We are reminding the kids and ourselves that it’s okay to be sad. It’s also okay to be happy. When life gets tough, we can easily stop giving ourselves permission to also enjoy it, or parts of it. It’s awesome having the kids here because they are teaching us this very lesson.  They get sad at times, we let them have those feelings, but they also are playing, singing, and having fun and they remind us that even in the darkest moments there is room for joy. When they are sad, we hug them, and we tell them how much we love them, and we tell them it’s ok to be scared, angry and sad.  As adults, we should let ourselves see the good, especially when. the world seems to be crumbling around you, look for it and appreciate it. If we feel happy, we need to allow ourselves the grace to enjoy it, celebrate it and remember that happiness and sadness can exist at the same time.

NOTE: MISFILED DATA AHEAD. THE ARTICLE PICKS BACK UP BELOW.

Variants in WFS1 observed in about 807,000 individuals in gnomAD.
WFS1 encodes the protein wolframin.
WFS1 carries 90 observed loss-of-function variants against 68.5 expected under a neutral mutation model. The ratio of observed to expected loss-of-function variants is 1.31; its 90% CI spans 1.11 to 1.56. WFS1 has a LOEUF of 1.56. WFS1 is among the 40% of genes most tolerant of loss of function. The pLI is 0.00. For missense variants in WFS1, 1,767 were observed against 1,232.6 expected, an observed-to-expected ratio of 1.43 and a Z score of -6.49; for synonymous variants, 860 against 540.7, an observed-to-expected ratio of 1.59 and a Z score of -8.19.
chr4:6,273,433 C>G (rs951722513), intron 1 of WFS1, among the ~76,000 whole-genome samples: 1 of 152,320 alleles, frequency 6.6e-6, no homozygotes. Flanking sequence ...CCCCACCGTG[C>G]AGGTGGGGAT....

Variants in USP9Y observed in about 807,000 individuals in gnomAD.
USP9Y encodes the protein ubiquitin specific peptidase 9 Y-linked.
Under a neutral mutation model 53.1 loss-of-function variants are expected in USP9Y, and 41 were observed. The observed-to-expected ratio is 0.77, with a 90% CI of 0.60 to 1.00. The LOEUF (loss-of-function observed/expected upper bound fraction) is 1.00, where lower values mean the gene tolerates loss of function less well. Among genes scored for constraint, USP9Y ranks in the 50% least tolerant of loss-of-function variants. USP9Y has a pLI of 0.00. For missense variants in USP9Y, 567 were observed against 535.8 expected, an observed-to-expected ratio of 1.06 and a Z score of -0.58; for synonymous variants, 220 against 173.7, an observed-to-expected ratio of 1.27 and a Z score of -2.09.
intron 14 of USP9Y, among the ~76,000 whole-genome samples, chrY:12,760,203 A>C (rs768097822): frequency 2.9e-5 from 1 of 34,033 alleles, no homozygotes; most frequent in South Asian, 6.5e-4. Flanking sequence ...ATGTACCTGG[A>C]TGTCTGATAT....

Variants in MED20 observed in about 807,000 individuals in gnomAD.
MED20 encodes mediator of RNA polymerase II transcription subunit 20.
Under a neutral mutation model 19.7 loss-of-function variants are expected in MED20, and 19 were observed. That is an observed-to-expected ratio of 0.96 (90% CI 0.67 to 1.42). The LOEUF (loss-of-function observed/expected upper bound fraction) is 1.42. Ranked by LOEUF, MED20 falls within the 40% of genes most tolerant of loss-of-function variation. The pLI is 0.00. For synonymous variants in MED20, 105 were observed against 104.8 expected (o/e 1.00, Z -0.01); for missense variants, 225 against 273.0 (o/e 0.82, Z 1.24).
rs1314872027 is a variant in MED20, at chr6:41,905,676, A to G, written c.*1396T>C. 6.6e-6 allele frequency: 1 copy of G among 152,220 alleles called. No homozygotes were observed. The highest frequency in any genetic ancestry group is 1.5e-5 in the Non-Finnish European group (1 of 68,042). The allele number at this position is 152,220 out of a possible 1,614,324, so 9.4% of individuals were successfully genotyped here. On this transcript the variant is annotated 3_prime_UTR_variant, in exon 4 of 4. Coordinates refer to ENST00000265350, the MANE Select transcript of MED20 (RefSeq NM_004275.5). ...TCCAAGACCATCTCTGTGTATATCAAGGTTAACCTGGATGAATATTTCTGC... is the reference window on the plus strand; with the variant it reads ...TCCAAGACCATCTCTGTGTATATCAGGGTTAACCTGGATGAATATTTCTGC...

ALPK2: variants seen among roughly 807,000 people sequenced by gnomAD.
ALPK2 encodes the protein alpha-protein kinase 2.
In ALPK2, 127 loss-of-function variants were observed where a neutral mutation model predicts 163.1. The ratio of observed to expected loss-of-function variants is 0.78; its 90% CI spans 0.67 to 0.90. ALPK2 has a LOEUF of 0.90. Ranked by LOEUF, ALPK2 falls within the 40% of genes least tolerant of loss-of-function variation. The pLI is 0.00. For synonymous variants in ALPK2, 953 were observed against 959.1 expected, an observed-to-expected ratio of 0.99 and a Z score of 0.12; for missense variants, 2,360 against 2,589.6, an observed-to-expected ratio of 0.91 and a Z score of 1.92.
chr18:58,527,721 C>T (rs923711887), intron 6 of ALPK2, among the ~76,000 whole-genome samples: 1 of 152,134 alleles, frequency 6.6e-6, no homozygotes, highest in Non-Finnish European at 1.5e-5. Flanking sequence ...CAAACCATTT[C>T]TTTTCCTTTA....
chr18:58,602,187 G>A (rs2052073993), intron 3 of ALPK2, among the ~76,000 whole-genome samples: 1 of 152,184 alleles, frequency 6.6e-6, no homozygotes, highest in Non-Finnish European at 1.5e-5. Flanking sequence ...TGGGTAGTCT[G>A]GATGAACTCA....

We are focusing on reassurance and hope and we are encouraging them to do what they feel in their hearts to do so they have made videos, coloured pictures, made window sun catchers for the hospital window and whatever else they need to do to make them feel that they are helping.

I am attempting to stay in the moment (I falter alot but I’m working on it) – I’m working hard to tune into my feelings and listening to my body,  slowing down my thoughts.  I’m not only focusing on what is right in front of me, I am also trying to keep my Multiple Sclerosis in check as we all know what stress can do for this disease. The funny thing is, while it is much busier and louder in our house than we are used to, I don’t feel particularly stressed. What I do know is that I can tend to get stuck in the future, worrying, planning & obsessing. But if this event has taught me anything, it is that the future is never certain. Things happen in life which we can’t control and sometimes these things can be devastating. They can stop us in our tracks, but we can overcome them.